In The Earth Moved, Amy Stewart takes us on a journey through the underground world and introduces us to one of its most amazing denizens. The earthworm may be small, spineless, and blind, but its impact on the ecosystem is profound. It ploughs the soil, fights plant diseases, cleans up pollution, and turns ordinary dirt into fertile land. Who knew?
In her witty, offbeat style, Stewart shows that much depends on the actions of the lowly worm. Charles Darwin devoted his last years to the meticulous study of these creatures, praising their remarkable abilities. With the august scientist as her inspiration, Stewart investigates the worm's subterranean realm, talks to oligochaetologists—the unsung heroes of earthworm science—who have devoted their lives to unearthing the complex life beneath our feet, and observes the thousands of worms in her own garden. From the legendary giant Australian worm that stretches to ten feet in length to the modest nightcrawler that wormed its way into the heart of Darwin's last book to the energetic red wigglers in Stewart's compost bin, The Earth Moved gives worms their due and exposes their hidden and extraordinary universe. This book is for all of us who appreciate Mother Nature's creatures, no matter how humble.
More by Amy StewartSee more
Winter 1919: Norma is summoned home from France, Constance is called back from Washington, and Fleurette puts her own plans on hold as the sisters rally around their recently widowed sister-in-law and her children. How are four women going to support themselves?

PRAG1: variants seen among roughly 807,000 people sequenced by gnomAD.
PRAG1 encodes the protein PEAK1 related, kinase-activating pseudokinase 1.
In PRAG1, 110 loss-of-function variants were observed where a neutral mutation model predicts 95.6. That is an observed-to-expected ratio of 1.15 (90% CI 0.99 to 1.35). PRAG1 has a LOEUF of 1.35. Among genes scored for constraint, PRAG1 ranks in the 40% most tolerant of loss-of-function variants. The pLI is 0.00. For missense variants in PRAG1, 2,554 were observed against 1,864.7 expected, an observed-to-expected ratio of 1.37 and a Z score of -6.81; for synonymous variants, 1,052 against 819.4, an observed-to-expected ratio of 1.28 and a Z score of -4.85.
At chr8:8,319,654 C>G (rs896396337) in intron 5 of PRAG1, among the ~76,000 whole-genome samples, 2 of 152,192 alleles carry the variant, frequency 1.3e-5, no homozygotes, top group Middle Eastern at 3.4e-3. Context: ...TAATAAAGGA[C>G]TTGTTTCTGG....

A chance encounter offers Fleurette a solution: clandestine legal work for a former colleague of Constance’s. She becomes a “professional co-respondent,” posing as the “other woman” in divorce cases so that photographs can be entered as evidence to procure a divorce. While her late-night assignments are both exciting and lucrative, they put her on a collision course with her own family, who would never approve of such disreputable work. One client’s suspicious behavior leads Fleurette to uncover a much larger crime, putting her in the unlikely position of amateur detective.
In Miss Kopp Investigates, Amy Stewart once again brilliantly captures the women of this era—their ambitions for the future as well as the ties that bind—at the start of a promising new decade.
“A book that makes familiar drinks seem new again . . . Through this horticultural lens, a mixed drink becomes a cornucopia of plants.”—NPR's Morning Edition
“Amy Stewart has a way of making gardening seem exciting, even a little dangerous.” —The New York Times
Sake began with a grain of rice. Scotch emerged from barley, tequila from agave, rum from sugarcane, bourbon from corn. Thirsty yet? In The Drunken Botanist, Amy Stewart explores the dizzying array of herbs, flowers, trees, fruits, and fungi that humans have, through ingenuity, inspiration, and sheer desperation, contrived to transform into alcohol over the centuries.
Of all the extraordinary and obscure plants that have been fermented and distilled, a few are dangerous, some are downright bizarre, and one is as ancient as dinosaurs—but each represents a unique cultural contribution to our global drinking traditions and our history.
This fascinating concoction of biology, chemistry, history, etymology, and mixology—with more than fifty drink recipes and growing tips for gardeners—will make you the most popular guest at any cocktail party.